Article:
Tag Archives: グルメ

Vegan Sashimi at Yasaitei (2010/06/30)

Service: Excellent and very friendly
Facilities: very clean
Prices: reasonable
Specialty: Vegan and vegetarian Cuisine, Izakaya gastronomy, local products, oden.

The summer has come to Shizuoka with a vengeance after an unseasonably cool period. One has problems making and devising food and meals for such a period. It is when you have to think of a higher fluid/water and vitamin intake to complement your “usual” diet/eating prctices.

This is when fresh vegetables are vital!
Luckily enough, Shizuoka Prefecture is the most blessed region in Japan when it comes to varieties and quality.

Just go arond the innumerable small markets in town and suburbs and you will rediscover the riot of colours at Yasaitei, which almost exclusively serve local produce!

Do not forget that mushrooms can play a vital role in your diet!

One knows very quickly where all these beauties come from: Green asparaguses from Hokkaido!

I had a long day both indoors and outdoors yesterday, and I was literally dehydrated when I entered my favourite izakaya.
The fresh colours of yuba/tofu sheets served with grated Shizuoka wasabi and thinly shredded leek were a balm on my eyes and body.
With a glass of Doman rice shochu from Tenjigura-Hamamatsu Brewery, I could patiently wait for my vegetable sashimi order!

Just a little soy sauce with it, nothing else!

A side view of the picture at the top of this posting.

A slanted view to show the mizu nasu/water egg plant, a Japanese variety that is best eaten raw, cruchy celery, crunchy (and so juicy) daikon on shiso, perilla leaf atop chopped onions, crunchy and juicy (again) cucumber and small radish!
The dressing/dip consisted as usual of fine salt, miso paste and sesame oil!

I finish my quick snack/meal with a corn cream and fresh carrot combination. Does not qualify as vegan, but certainly does as vegetarian!

YASAITEI
Shizuoka City, Aoi Ku, Tokiwa-Cho, 1-6-2 Green Heights Wamon 1-C
Tel.: 054-2543277
Business hours: 17:30~22:00
Closed on Sundays
Reservations highly recommended
Seating: 6 at counter + 20 at tables
Set Courses: 3,000, 4,000, 5,000 yen
HOMEPAGE (Japanese)

RECOMMENDED RELATED SITES:
Warren Bobrow, Bread + Butter, Zoy Zhang, Hungry Neko, Think Twice, Frank Fariello, Mangantayon, Hapabento, Elinluv Tidbit Corner, Tokyo Terrace, Maison de Christina, Chrys Niles,Lexi, Culinary Musings, Wheeling Gourmet, Comestiblog, Chronicles Of A Curious Cook, Tokyo Through The Drinking Glass, Tokyo Foodcast, Palate To Pen, Yellin Yakimono Gallery, Tokyo Terrace, Hilah Cooking, More than a Mount Full, Arkonite Bento, Happy Little Bento; 5 Star Foodie; Jefferson’s Table; Oyster Culture; Gourmet Fury; Island Vittles; Good Beer & Country Boys; Rubber Slippers In Italy; Color Food daidokoro/Osaka;/a; The Witchy Kitchen; Citron Et Vanille, Lunsj Med Buffet/Estonian Gastronomy (English), Cook, Eat, Play, Repeat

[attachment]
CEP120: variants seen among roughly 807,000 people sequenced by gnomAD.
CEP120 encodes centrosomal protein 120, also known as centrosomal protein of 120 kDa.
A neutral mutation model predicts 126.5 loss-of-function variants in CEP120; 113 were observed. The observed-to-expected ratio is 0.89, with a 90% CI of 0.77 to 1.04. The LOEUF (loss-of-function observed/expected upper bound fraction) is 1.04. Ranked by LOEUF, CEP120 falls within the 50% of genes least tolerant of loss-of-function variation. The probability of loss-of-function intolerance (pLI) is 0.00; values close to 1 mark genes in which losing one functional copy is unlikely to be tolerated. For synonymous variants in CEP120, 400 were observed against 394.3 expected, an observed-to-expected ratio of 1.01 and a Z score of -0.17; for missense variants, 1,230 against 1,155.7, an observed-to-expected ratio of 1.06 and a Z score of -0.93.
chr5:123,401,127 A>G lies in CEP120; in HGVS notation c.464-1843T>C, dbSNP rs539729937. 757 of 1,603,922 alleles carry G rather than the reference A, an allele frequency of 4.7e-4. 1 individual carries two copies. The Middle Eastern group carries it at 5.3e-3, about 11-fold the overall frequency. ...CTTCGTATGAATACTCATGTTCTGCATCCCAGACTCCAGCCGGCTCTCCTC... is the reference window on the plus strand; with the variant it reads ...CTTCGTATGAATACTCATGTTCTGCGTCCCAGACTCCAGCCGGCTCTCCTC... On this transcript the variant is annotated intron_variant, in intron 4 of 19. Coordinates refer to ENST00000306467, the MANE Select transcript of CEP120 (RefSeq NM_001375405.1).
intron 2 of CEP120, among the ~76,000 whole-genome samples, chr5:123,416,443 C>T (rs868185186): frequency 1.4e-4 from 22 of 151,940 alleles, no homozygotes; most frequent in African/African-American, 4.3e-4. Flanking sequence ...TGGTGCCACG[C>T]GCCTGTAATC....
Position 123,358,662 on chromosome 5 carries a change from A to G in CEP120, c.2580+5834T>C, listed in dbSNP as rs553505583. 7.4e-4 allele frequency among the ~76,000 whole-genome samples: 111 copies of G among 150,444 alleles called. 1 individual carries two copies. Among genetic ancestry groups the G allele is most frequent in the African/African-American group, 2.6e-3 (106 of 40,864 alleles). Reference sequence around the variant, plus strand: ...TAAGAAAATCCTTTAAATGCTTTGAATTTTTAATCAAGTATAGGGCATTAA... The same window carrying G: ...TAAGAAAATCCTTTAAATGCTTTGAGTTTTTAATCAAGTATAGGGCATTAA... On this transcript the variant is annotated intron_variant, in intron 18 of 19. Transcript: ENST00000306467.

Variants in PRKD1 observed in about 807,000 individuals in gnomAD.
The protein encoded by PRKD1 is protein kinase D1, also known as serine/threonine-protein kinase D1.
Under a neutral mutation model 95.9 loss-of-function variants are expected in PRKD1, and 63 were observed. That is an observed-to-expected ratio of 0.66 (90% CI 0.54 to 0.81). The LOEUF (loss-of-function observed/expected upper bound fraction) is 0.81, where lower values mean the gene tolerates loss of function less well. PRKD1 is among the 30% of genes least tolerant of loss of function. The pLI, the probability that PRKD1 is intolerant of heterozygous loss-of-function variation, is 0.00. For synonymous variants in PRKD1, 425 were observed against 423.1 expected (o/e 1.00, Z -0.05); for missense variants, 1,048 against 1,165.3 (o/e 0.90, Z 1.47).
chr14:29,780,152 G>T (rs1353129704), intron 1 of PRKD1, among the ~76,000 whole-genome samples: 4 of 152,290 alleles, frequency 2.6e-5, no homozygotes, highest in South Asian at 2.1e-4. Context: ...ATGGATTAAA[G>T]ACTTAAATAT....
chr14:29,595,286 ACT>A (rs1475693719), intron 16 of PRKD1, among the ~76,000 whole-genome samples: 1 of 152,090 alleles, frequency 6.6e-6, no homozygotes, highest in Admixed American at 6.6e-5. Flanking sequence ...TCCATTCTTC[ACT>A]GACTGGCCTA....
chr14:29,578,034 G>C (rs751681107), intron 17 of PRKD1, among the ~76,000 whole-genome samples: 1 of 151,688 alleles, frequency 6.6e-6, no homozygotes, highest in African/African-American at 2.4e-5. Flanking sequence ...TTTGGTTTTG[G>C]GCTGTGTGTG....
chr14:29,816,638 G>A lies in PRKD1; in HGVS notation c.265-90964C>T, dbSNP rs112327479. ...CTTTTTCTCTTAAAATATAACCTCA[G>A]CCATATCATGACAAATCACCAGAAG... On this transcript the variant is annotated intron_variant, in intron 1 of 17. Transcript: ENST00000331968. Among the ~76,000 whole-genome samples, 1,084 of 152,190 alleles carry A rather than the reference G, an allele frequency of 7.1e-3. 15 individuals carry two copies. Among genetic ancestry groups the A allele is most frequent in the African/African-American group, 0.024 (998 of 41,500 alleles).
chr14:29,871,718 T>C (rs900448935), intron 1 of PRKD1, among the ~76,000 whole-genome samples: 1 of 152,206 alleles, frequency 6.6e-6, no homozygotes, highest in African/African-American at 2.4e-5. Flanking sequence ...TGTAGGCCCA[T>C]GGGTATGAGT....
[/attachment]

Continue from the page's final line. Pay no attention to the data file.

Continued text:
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Seasonal Fishes 22: Kurosoi/Black Rock Fish

Kurosoi/クロソイ/Black Rock Fish-Schlegel’s Black Rockfish (Latin name: Sebastes schlegelii Hilgendorf,1880) is a rock fish/scorpion Fish variety even rarer than Ainame/アイナメ/Fat Greening for the simple reason that it is one of those fish great not only for its taste but for its angling challenge!

Also known as Kurosui and Kurokara (and many local names), it is caught south of the Hokkaido Island along rocky coasts as well as off the Korean Peninsula and China.
Great efforts are presently spent on the possibility of raising them either by semi-natural methods or completely raised from egg to adult state in human-controlled environment.
Its flesh can be appreciated in any form of gastronomy, raw or cooked.

Sashimi plate.

Rare as sushi! (two on the left!)

Slow-cooked as Japanese-style aquapazza!

Its head, tail, fins and bones can be turned into a succulent Japanese-style miso bouillabaisse with other seafood!

RECOMMENDED RELATED SITES:
Warren Bobrow, Bread + Butter, Zoy Zhang, Hungry Neko, Think Twice, Frank Fariello, Mangantayon, Hapabento, Elinluv Tidbit Corner, Tokyo Terrace, Maison de Christina, Chrys Niles,Lexi, Culinary Musings, Wheeling Gourmet, Comestiblog, Chronicles Of A Curious Cook

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Seasonal Fishes 21: Ainame/Fat Greening

Ainame/アイナメ/Hexagrammos otakii or Fat Greening is a truly Japanese seasonal fish, which has become a rarity as it lives only around the Japanese archipelago along rocky shores in water comparatively high in salt (some are also found around the Korean Peninsula).
Luckily enough it has been raised successfully in the Western part of Shizuoka Prefecture for the last few years.
Its rarity is caused by its popularity with anglers and its very fine taste.